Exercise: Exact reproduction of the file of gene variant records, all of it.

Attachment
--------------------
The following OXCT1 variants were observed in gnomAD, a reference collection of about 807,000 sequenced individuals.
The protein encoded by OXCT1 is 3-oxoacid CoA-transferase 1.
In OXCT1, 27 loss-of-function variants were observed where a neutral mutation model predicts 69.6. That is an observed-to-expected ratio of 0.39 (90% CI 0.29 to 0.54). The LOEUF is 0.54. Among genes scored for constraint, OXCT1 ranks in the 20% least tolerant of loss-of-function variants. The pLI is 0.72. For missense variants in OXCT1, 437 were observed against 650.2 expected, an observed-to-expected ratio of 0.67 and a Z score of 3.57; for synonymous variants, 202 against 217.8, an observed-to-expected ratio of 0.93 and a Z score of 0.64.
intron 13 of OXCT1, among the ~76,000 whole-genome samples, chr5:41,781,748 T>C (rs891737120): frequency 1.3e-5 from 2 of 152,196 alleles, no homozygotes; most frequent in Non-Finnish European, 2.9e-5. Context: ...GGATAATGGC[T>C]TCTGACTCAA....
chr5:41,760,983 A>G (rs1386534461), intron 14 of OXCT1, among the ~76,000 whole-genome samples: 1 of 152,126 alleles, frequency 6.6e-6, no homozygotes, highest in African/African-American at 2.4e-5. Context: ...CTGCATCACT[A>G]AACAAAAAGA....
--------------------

The following OXCT1 variants were observed in gnomAD, a reference collection of about 807,000 sequenced individuals.
The protein encoded by OXCT1 is 3-oxoacid CoA-transferase 1.
In OXCT1, 27 loss-of-function variants were observed where a neutral mutation model predicts 69.6. That is an observed-to-expected ratio of 0.39 (90% CI 0.29 to 0.54). The LOEUF is 0.54. Among genes scored for constraint, OXCT1 ranks in the 20% least tolerant of loss-of-function variants. The pLI is 0.72. For missense variants in OXCT1, 437 were observed against 650.2 expected, an observed-to-expected ratio of 0.67 and a Z score of 3.57; for synonymous variants, 202 against 217.8, an observed-to-expected ratio of 0.93 and a Z score of 0.64.
intron 13 of OXCT1, among the ~76,000 whole-genome samples, chr5:41,781,748 T>C (rs891737120): frequency 1.3e-5 from 2 of 152,196 alleles, no homozygotes; most frequent in Non-Finnish European, 2.9e-5. Context: ...GGATAATGGC[T>C]TCTGACTCAA....
chr5:41,760,983 A>G (rs1386534461), intron 14 of OXCT1, among the ~76,000 whole-genome samples: 1 of 152,126 alleles, frequency 6.6e-6, no homozygotes, highest in African/African-American at 2.4e-5. Context: ...CTGCATCACT[A>G]AACAAAAAGA....